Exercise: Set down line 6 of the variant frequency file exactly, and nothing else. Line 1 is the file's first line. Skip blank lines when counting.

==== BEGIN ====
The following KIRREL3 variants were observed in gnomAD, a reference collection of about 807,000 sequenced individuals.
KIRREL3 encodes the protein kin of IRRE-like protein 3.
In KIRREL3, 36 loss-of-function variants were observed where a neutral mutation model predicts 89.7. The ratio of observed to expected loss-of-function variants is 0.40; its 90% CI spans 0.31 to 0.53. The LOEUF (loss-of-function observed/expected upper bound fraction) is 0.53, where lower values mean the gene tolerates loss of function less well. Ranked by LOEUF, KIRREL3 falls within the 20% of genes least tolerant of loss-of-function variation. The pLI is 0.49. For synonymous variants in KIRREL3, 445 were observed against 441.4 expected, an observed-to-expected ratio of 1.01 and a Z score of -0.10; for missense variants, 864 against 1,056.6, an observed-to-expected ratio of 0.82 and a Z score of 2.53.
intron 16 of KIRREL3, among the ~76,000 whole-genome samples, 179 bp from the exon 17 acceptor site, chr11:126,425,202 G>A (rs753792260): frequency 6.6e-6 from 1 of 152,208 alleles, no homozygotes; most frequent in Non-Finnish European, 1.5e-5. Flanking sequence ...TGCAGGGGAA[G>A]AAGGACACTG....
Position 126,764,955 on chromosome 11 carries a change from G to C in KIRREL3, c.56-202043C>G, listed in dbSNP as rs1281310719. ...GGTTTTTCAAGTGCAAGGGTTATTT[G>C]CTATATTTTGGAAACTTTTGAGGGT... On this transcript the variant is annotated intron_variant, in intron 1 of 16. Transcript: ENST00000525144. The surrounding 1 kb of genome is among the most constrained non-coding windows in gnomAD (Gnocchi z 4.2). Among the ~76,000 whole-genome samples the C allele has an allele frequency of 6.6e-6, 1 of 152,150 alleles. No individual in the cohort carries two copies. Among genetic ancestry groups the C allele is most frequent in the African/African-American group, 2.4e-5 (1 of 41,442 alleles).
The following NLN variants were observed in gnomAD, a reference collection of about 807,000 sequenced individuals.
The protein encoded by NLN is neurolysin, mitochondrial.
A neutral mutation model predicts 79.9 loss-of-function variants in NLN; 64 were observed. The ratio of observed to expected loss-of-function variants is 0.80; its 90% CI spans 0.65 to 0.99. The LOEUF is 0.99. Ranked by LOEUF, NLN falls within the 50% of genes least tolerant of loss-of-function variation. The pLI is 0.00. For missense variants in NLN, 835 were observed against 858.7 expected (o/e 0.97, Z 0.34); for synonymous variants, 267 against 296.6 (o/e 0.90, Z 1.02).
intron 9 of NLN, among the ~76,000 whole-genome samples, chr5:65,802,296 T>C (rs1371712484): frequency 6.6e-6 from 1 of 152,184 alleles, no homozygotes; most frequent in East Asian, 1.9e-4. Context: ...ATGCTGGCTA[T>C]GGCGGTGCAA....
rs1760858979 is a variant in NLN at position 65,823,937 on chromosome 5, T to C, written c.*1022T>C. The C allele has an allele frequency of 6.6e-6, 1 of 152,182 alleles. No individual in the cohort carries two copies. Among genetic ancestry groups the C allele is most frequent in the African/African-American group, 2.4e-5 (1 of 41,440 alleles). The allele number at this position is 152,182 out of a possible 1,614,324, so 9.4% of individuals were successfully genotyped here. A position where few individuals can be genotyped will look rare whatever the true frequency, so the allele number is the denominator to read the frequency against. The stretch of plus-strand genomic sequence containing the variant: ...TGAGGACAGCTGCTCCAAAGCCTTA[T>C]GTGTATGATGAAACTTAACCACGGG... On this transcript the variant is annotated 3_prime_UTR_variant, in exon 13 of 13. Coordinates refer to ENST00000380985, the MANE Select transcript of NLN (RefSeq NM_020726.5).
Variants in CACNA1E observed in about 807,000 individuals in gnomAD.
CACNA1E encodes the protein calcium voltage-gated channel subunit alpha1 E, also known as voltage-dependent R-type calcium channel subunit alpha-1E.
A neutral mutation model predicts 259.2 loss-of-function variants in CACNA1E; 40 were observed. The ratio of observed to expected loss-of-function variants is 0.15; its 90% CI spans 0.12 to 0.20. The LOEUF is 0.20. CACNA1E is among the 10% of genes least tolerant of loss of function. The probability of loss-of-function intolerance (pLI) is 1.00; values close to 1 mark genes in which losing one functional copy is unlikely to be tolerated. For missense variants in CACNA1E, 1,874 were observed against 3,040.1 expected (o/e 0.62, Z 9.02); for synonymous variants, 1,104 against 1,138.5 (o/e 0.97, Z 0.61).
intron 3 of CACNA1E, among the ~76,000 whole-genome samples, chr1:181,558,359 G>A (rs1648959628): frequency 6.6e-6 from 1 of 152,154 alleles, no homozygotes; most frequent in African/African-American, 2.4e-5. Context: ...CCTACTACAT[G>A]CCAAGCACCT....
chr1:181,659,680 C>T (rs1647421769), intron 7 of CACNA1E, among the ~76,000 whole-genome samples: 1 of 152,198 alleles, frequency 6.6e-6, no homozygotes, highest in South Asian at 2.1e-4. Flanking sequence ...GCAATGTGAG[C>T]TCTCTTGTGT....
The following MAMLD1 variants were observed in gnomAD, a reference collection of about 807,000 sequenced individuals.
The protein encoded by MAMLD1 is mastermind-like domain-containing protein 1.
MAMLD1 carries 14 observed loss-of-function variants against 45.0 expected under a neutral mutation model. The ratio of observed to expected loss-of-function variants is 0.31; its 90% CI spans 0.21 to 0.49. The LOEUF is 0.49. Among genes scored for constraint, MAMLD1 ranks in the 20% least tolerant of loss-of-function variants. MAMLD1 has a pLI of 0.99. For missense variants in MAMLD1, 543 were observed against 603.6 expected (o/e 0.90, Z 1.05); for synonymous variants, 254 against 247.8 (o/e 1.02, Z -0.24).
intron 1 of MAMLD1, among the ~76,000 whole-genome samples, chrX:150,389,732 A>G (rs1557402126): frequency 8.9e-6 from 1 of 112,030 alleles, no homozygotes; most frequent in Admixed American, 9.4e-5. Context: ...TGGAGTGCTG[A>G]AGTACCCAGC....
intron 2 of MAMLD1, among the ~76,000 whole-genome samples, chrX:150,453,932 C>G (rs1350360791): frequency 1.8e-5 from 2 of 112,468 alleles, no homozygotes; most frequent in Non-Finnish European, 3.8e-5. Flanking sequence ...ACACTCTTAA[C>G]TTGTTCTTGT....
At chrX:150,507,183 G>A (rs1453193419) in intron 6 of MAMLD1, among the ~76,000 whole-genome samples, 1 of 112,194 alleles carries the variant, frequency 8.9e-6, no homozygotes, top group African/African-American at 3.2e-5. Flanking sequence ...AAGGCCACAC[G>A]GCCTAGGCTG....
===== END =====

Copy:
The following NLN variants were observed in gnomAD, a reference collection of about 807,000 sequenced individuals.